Controlled Purchase Operations Disappointing Results | Te Whatu Ora - Te Tai Tokerau

Controlled Purchase Operations Disappointing Results

Two Controlled Purchase Operations (CPOs) carried out by NZ Police and National Public Health Service saw three underage volunteers, aged just 16, attempt to purchase alcohol from licensed premises in the greater Whangarei and the Far North areas.  

The Whangarei operation tested 15 outlets, which resulted in one sale. The Far North operation tested 16 outlets, and resulted in two sales.   

“It is frustrating when an outlet is caught selling alcohol to an underage person. The sale is illegal and should not occur,” Sergeant Tai Patrick, Alcohol Harm Prevention Officer, Whangarei Police, said.    

“Outlets are aware that we run these types of operations regularly. Children aged well below the legal age of 18 are used to approach alcohol outlets to purchase alcohol products under controlled conditions. We expect all premises to have appropriate systems and procedures in place to prevent sales of alcohol products to minors.” 

NZ Police and the National Public Health Service urge all licensed premises to remain highly vigilant when selling alcohol products. CPOs are part of an ongoing programme to assess compliance with the Sale and Supply of Alcohol Act 2012 to address access to alcohol by minors. 

“Legislation prohibiting sales to persons under 18 came into force 24 years ago. I find it astonishing that outlets continue to sell alcohol products to underage people this far down the track,” said Sergeant Michelle Row, Alcohol Harm Prevention Officer, Kerikeri Police.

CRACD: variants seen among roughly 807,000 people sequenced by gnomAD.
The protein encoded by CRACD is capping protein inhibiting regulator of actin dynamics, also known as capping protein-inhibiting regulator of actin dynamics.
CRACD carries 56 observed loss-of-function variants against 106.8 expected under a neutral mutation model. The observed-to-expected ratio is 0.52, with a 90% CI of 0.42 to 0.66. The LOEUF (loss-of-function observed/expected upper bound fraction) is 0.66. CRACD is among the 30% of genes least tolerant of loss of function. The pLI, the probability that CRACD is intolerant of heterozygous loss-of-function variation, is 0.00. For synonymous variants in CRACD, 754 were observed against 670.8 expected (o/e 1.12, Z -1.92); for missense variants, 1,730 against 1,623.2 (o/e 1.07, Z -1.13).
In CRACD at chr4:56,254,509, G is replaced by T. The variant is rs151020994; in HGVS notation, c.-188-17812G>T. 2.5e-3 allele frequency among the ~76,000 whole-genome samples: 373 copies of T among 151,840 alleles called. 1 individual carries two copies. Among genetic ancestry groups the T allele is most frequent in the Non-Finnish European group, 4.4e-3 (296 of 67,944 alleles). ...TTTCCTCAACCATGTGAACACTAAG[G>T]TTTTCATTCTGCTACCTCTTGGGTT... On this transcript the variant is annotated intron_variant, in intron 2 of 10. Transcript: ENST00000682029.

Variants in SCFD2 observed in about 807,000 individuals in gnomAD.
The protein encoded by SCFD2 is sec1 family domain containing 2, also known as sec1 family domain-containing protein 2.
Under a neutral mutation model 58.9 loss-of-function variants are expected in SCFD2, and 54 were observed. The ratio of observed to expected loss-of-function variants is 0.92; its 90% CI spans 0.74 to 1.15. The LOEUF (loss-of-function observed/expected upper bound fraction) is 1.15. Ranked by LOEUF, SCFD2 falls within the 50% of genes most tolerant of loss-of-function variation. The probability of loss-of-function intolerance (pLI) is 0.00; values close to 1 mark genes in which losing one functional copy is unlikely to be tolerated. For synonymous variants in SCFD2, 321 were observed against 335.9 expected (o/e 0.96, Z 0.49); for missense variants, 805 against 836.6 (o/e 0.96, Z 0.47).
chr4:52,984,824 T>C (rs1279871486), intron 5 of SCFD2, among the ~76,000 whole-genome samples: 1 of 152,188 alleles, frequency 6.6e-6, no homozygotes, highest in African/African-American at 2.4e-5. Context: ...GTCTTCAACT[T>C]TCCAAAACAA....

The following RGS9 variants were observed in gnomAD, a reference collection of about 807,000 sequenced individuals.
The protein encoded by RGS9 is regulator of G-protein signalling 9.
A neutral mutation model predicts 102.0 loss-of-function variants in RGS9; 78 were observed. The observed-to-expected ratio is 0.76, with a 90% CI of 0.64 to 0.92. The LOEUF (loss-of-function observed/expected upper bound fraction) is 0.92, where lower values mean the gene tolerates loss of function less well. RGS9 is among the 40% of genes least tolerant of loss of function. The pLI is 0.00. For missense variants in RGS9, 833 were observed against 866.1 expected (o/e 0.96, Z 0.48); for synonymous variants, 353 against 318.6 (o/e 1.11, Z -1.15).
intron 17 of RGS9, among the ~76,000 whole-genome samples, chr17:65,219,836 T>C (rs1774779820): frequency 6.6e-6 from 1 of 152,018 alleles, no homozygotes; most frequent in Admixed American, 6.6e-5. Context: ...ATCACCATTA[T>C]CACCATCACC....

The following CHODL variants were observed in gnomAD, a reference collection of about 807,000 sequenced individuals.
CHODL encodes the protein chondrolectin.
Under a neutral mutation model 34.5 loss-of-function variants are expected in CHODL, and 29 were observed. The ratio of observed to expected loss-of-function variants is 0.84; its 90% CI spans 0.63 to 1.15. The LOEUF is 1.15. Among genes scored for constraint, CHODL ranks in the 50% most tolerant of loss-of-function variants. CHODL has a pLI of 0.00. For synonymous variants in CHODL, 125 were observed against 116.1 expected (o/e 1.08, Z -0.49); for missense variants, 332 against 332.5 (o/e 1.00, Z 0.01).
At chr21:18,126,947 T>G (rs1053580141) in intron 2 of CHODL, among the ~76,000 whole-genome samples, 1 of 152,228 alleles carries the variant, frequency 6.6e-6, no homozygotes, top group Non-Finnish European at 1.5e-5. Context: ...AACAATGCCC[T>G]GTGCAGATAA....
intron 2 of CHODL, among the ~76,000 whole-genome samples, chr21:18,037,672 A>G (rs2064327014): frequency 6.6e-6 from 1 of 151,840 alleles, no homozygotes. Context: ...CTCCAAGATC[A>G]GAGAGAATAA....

“As a community, we need to have confidence that license holders will not sell alcohol to our youth and allow them to drink unsupervised, which could be very harmful. The consequences when licensees are reported to the authorities are major. Sales to underage can result in a suspension of their liquor license to sell alcohol for several days.” 

All applicants, when they apply for a license to sell alcohol, state that there are appropriate systems and procedures in place to prevent the sale of alcohol to underage people.    

“Clearly, this is not the case for those that sold alcohol to minors. I continue to emphasise that staff must ask for identification from anyone attempting to purchase alcohol products who looks under 25. No identification, no sale. It is that simple. “This is best practice and a sure way to prevent sales to minors.”



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